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Monday, December 5, 2011

If no adoption agency will give you a child, should you have one on your own anyway?


A man and his wife – both M.D.s – have a daughter but also want to have a second child.  Before they do, he is diagnosed with multiple endocrine neoplasia, a rare genetic condition that triggers tumor growth.  They test their daughter, who turns out to be free of the genetic condition.  They approach an adoption agency for help in having a second child, but the agency turns them away because of the man’s genetic condition.  The couple then have another child on their own.  By the time the child reaches 9 months, they are still uncertain about whether to test him for the disorder.

I know that adoption policies want to entrust children to parents who are likely to be around for a while, a long while.  Yet in this particular case, that policy seems to have backed this couple into a corner.  If they wanted another child, they would have to do it on their own.  It does not appear that they turned to reproductive experts for help, else they could have tried to conceive in vitro and carried out pre-implantation genetic diagnosis.  As things stand, they might well have conceived a child with the very genetic condition that disqualified the father from adoption, the very condition that killed the man’s own father and uncle.  A more flexible adoption policy might have looked at the prospects of the family unit as a whole, since – after all – there are lots of single parents out there, as a consequence of one parent dying unexpectedly.  With an adopted child, the parents would probably not have gambled on bringing another child into the world with this disorder.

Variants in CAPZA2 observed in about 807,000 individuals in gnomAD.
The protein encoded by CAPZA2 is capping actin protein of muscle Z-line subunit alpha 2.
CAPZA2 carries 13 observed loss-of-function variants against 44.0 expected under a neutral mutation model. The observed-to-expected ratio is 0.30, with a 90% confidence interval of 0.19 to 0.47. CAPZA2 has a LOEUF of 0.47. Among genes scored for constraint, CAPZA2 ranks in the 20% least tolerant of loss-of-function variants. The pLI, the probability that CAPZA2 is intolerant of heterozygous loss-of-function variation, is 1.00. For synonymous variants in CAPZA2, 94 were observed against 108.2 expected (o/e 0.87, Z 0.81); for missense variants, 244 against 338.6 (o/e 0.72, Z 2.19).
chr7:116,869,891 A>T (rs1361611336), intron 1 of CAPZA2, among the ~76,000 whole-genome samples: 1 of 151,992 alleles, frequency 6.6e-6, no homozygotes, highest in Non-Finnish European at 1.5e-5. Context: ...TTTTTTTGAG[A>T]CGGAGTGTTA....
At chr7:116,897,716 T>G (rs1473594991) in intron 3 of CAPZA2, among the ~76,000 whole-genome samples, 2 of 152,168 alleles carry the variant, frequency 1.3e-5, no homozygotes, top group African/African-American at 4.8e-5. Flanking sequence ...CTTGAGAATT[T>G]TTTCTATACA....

What’s worse here:  that a father of an adopted child dies prematurely, or that this same man gambles on having a genetically-related child with the same genetic disorder that afflicts him?

For more details of the case, see Lisa Sanders, “Nerves or something worse?,” New York Times Magazine, Dec. 4, 2011, pp. 24, 25.

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